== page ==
What is Job Satisfaction?
Job satisfaction is the sense of fulfillment and pride felt by people who enjoy their work and do it well. For an organization, a satisfied workforce ensures commitment to high-quality performance and increased productivity.
Job satisfaction helps organizations to reduce complaints and grievances, absenteeism, turnover, and termination. Job satisfaction is also linked to a healthier workforce and has been found to be a good indicator of longevity.
And although only little correlation has been found between job satisfaction and productivity, it has also been found that satisfying or delighting employees is a prerequisite to satisfying or delighting customers, thus protecting the “bottom line (Brown, 1996).
Factors Affecting Job Satisfaction
The most important factors affecting job satisfaction are:
- Mentally Challenging Work
- Personality-Job Fit
- Equitable Rewards
- Supportive Working Conditions
- Supportive Colleagues
- Whistle Blowing
- Social Responsibility
- Job Enrichment
Mentally Challenging Work
Employees tend to prefer jobs that give them opportunities to use their skills and abilities and offer a variety of tasks, freedom, and feedback on how well they are doing. Under conditions of moderate challenge, most employees will experience pleasure and satisfaction.
People with personality types congruent with their chosen vocations should find they have the right talents and abilities to meet the demands of their jobs; and because of this success, they have a greater probability of achieving high satisfaction from their work. It is important, therefore, to fit personality factors with job profiles.
Employees want pay systems and promotion policies that they perceive as being just, unambiguous, and in line with their expectations. When pay is seen as fair based on job demands, individual skill level, and industry pay standards, satisfaction is likely to result.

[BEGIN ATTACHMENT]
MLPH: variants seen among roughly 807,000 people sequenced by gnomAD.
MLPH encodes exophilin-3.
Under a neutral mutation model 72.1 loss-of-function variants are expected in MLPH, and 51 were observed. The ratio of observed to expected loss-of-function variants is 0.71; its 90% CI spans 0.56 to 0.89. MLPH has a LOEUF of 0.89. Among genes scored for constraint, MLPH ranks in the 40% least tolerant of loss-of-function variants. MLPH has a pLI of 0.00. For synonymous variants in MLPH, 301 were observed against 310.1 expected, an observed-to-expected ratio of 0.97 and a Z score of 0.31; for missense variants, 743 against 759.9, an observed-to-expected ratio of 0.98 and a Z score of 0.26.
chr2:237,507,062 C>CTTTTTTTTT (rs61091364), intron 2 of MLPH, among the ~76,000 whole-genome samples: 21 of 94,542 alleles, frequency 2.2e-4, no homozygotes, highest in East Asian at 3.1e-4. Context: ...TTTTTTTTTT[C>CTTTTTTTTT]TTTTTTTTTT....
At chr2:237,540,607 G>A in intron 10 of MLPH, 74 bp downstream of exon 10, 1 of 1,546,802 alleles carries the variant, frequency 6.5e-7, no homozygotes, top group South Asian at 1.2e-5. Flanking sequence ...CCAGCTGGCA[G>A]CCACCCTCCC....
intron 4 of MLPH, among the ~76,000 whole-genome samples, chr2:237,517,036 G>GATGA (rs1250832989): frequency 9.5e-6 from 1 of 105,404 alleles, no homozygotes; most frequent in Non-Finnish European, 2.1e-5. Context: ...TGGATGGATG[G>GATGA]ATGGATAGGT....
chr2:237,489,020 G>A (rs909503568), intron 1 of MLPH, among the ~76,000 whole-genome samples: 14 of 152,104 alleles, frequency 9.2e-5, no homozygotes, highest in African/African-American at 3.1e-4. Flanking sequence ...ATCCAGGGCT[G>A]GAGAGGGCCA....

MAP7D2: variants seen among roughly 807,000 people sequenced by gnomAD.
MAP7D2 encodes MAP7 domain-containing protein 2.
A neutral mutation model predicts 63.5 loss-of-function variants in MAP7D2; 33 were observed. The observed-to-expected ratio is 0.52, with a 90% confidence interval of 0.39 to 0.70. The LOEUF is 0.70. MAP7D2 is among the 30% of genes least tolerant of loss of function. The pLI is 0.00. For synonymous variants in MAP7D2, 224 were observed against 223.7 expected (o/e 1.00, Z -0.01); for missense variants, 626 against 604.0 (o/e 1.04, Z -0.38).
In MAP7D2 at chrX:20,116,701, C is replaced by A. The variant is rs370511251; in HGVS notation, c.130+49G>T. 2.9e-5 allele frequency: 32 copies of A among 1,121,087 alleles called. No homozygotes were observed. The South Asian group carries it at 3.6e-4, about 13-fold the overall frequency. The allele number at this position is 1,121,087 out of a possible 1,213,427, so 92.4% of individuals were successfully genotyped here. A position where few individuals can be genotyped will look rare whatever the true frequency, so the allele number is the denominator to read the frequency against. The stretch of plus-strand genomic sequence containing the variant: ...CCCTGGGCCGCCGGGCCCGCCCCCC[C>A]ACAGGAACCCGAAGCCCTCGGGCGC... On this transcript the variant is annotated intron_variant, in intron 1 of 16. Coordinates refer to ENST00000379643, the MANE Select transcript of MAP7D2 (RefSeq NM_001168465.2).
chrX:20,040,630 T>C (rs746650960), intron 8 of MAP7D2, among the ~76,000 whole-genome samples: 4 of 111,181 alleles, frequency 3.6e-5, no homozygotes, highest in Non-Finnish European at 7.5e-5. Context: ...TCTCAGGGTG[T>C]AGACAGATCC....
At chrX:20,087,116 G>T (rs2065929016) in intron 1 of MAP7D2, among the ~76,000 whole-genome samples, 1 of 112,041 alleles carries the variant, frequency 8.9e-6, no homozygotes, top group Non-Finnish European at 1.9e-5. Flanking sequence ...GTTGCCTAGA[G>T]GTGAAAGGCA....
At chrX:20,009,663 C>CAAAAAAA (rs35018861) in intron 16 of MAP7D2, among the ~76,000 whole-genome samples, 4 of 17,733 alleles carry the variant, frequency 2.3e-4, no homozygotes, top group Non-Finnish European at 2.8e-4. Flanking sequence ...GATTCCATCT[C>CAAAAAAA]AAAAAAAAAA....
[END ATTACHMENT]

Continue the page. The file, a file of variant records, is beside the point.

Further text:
Similarly, employees seek fair promotion policies and practices. Promotions provide opportunities for personal growth, more responsibilities, and increased social status. Individuals who perceive that promotion decisions are made in a fair and just manner are likely to experience job satisfaction.
Supportive Working Conditions
Employees prefer physical conditions that are comfortable and facilitate doing a good job. Temperature, light, noise, and other environmental factors should not be extreme and provide personal comfort. Further, employees prefer working relatively close to home, in clean and relatively modern facilities, and with adequate tools and equipment.
Employees have a need for social interaction Therefore, having friendly and supportive co-workers and understanding supervisors leads to increased job satisfaction.
Most employees want their immediate supervisor to be understanding and friendly, offer praise for good performance, listen to employees’ opinions, and show a personal interest in them.
Whistle-blowers are employees who inform authorities of wrongdoings of their companies or co-workers. Whistle-blowing is important because committed organizational members sometimes engage in unethical behavior in an intense desire to succeed.
Organizations can manage whistle-blowing by communicating the conditions that are appropriate for the disclosure of wrongdoing. Clearly delineating wrongful behavior and the appropriate ways to respond are important organizational actions.